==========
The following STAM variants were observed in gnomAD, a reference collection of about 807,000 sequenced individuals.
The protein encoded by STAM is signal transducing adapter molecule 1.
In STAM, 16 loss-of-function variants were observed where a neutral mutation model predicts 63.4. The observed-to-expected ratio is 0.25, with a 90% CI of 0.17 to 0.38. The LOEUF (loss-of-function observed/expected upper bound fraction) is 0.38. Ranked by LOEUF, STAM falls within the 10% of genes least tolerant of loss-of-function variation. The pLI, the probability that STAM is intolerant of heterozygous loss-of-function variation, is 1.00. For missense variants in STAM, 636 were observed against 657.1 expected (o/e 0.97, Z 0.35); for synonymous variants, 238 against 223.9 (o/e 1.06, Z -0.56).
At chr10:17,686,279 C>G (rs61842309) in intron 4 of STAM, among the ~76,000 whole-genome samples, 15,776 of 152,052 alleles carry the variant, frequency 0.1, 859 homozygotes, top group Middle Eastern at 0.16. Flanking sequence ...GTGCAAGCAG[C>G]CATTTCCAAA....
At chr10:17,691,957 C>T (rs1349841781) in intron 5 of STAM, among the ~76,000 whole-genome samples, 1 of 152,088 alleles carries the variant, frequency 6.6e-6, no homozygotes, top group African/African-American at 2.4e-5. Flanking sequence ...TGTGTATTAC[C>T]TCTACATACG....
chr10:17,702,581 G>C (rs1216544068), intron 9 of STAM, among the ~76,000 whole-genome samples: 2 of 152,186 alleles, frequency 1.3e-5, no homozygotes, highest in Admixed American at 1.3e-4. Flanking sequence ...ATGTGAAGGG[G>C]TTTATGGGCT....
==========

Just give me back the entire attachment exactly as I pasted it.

The following STAM variants were observed in gnomAD, a reference collection of about 807,000 sequenced individuals.
The protein encoded by STAM is signal transducing adapter molecule 1.
In STAM, 16 loss-of-function variants were observed where a neutral mutation model predicts 63.4. The observed-to-expected ratio is 0.25, with a 90% CI of 0.17 to 0.38. The LOEUF (loss-of-function observed/expected upper bound fraction) is 0.38. Ranked by LOEUF, STAM falls within the 10% of genes least tolerant of loss-of-function variation. The pLI, the probability that STAM is intolerant of heterozygous loss-of-function variation, is 1.00. For missense variants in STAM, 636 were observed against 657.1 expected (o/e 0.97, Z 0.35); for synonymous variants, 238 against 223.9 (o/e 1.06, Z -0.56).
At chr10:17,686,279 C>G (rs61842309) in intron 4 of STAM, among the ~76,000 whole-genome samples, 15,776 of 152,052 alleles carry the variant, frequency 0.1, 859 homozygotes, top group Middle Eastern at 0.16. Flanking sequence ...GTGCAAGCAG[C>G]CATTTCCAAA....
At chr10:17,691,957 C>T (rs1349841781) in intron 5 of STAM, among the ~76,000 whole-genome samples, 1 of 152,088 alleles carries the variant, frequency 6.6e-6, no homozygotes, top group African/African-American at 2.4e-5. Flanking sequence ...TGTGTATTAC[C>T]TCTACATACG....
chr10:17,702,581 G>C (rs1216544068), intron 9 of STAM, among the ~76,000 whole-genome samples: 2 of 152,186 alleles, frequency 1.3e-5, no homozygotes, highest in Admixed American at 1.3e-4. Flanking sequence ...ATGTGAAGGG[G>C]TTTATGGGCT....